Whale protest ships collide

Anti-whaling activists say one of their vessels and a Japanese whaling ship have collided near the Ross Sea, sparking a distress call from the Japanese crew.

A statement from the Sea Shepherd Conservation Society said the whaling vessel, the Kaiko Maru, issued the distress call, which the group had acknowledged, about 5.20pm (3.20pm AEDT) today.

Sea Shepherd leader Captain Paul Watson said the confrontation occurred when the conservation group’s vessels, the Robert Hunter and the Farley Mowat, caught the Japanese ship bearing down on a pod of whales.

“At one point the Kaiko Maru turned to starboard and struck the Robert Hunter,” Sea Shepherd said in a statement.

“The Kaiko Maru has issued a distress signal. We have acknowledged this distress signal but they refuse to say what distress they are in.”

A spokesman for the Rescue Coordination Centre of New Zealand said a distress call had recently been logged from a Japanese vessel.

“There has been an incident we understand down there. There has been a call,” the spokesman said.

He said authorities were still trying to ascertain what had occurred.

Sea Shepherd activists have been facing off against the whalers north of the Balleny Islands, west of the Ross Sea, trying to stop Japan’s controversial annual whale hunt.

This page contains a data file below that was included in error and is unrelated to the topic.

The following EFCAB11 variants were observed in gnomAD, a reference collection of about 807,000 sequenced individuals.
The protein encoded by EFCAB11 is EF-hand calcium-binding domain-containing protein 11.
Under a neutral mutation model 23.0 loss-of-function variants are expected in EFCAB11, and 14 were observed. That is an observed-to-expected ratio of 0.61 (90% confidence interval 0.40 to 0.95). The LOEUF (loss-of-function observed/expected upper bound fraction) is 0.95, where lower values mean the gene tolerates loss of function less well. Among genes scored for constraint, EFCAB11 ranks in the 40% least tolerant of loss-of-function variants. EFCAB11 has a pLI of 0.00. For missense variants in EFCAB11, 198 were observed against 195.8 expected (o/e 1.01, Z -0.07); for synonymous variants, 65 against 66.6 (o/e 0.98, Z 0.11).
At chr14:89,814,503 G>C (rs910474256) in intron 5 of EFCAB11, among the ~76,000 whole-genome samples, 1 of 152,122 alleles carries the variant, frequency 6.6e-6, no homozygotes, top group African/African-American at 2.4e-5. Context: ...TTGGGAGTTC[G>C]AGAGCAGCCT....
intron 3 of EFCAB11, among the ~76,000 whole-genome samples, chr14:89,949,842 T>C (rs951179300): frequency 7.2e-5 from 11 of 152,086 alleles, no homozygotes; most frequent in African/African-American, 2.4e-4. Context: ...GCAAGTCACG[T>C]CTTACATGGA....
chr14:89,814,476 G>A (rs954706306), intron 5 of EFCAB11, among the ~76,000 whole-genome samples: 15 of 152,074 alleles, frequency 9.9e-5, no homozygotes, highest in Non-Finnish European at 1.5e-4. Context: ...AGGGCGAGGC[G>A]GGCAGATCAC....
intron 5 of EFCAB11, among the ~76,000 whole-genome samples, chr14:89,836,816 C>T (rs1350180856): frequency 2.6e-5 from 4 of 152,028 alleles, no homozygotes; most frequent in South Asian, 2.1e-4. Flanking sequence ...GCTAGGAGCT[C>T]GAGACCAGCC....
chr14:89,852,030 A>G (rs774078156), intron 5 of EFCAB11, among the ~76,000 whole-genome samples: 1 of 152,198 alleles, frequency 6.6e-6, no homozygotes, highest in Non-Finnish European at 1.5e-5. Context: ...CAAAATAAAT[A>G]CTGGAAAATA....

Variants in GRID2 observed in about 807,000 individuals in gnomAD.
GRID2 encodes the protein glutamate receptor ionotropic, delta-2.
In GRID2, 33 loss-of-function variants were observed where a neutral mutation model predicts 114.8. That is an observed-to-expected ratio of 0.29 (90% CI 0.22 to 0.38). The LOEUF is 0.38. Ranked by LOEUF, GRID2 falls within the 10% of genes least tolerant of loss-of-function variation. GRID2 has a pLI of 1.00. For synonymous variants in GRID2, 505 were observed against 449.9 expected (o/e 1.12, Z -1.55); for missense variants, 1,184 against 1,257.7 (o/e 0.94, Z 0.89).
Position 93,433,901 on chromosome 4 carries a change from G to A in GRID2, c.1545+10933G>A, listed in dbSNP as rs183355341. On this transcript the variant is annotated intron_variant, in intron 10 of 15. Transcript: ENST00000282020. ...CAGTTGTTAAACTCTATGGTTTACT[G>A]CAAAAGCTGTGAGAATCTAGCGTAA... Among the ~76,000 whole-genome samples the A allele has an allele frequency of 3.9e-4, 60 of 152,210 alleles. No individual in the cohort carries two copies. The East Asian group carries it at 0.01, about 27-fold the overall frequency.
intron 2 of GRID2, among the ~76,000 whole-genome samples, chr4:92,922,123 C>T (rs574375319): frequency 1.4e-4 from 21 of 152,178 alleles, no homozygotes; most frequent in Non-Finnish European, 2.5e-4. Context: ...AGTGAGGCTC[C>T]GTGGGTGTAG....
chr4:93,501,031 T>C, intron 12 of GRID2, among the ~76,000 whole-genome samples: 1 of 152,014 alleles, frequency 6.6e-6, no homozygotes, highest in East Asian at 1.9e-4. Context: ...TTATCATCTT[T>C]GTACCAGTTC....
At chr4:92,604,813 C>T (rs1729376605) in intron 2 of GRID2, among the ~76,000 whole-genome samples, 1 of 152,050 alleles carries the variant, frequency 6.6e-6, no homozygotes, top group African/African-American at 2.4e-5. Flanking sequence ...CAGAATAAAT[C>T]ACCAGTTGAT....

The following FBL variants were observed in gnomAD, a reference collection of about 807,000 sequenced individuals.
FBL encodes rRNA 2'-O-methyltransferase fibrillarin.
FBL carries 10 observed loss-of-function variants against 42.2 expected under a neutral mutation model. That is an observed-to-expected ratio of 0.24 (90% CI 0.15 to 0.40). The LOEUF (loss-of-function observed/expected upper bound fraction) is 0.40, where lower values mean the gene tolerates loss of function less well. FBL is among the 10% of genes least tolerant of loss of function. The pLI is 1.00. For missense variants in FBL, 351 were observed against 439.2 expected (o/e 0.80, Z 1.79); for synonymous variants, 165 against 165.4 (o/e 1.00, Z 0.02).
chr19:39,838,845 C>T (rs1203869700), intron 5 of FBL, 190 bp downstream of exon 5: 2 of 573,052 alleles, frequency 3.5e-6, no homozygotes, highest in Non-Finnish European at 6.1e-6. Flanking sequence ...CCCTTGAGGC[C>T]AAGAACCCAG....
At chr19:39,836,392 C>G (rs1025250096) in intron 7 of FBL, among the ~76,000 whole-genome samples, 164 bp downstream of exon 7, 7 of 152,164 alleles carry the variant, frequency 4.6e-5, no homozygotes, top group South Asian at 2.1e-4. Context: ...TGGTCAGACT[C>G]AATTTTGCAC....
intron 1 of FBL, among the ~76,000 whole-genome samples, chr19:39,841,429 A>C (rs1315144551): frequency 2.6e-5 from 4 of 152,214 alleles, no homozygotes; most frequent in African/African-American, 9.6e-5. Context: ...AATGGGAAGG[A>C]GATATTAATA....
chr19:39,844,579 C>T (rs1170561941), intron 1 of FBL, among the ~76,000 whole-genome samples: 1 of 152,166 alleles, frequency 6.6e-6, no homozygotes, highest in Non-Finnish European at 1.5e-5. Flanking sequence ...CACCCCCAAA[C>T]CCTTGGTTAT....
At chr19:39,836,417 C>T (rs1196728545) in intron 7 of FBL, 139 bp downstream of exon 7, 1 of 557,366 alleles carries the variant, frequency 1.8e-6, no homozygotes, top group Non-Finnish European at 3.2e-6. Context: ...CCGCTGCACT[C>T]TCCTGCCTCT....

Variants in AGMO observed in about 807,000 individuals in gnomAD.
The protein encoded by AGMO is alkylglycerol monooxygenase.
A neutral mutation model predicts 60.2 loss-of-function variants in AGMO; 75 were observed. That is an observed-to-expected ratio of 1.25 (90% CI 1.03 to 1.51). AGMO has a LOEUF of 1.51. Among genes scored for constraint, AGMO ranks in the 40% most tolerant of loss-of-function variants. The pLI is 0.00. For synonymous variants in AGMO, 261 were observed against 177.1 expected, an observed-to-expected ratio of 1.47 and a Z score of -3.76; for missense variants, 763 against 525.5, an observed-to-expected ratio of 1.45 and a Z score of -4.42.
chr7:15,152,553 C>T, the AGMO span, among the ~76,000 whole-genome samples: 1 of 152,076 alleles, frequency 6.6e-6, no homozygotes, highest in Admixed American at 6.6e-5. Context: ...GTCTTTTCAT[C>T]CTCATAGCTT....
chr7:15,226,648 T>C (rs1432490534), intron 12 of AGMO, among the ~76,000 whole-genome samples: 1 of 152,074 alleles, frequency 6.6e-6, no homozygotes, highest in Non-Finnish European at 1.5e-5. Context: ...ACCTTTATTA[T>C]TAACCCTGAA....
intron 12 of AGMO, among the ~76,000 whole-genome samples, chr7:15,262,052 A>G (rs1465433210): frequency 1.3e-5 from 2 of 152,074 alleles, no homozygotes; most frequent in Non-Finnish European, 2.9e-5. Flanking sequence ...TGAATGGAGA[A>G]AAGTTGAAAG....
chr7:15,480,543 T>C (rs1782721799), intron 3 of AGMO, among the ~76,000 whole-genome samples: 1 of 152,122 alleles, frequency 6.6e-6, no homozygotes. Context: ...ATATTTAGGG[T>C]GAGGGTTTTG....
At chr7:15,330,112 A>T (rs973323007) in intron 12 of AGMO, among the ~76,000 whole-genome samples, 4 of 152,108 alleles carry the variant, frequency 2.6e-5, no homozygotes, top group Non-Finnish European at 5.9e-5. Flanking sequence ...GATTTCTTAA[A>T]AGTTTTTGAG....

Watson told AAP that about 4pm (1400 AEDT), Sea Shepherd ships were in a confrontation with the Kaiko Maru.

He blamed Japanese vessel for the subsequent collision, saying the whaling ship had backed up on the group’s vessel, the Robert Hunter.

The Robert Hunter had earlier tried to force the whaling vessel into a part of the sea heavy with ice, in an attempt to stop the hunt, Watson said.

“They were going after some whales, we moved in and they moved away,” he said.

“(Then) they backed up and hit the Robert Hunter, causing a rip in the hull.”

He said the hole was about 30cm in diameter, but he did not believe it was large enough to sink the Robert Hunter.

“Of course when they ram us, people say ‘you shouldn’t have been there’. It’s a total double standard,” Watson said.

A spokesman for the Japanese Institute of Cetacean Research was unavailable for comment.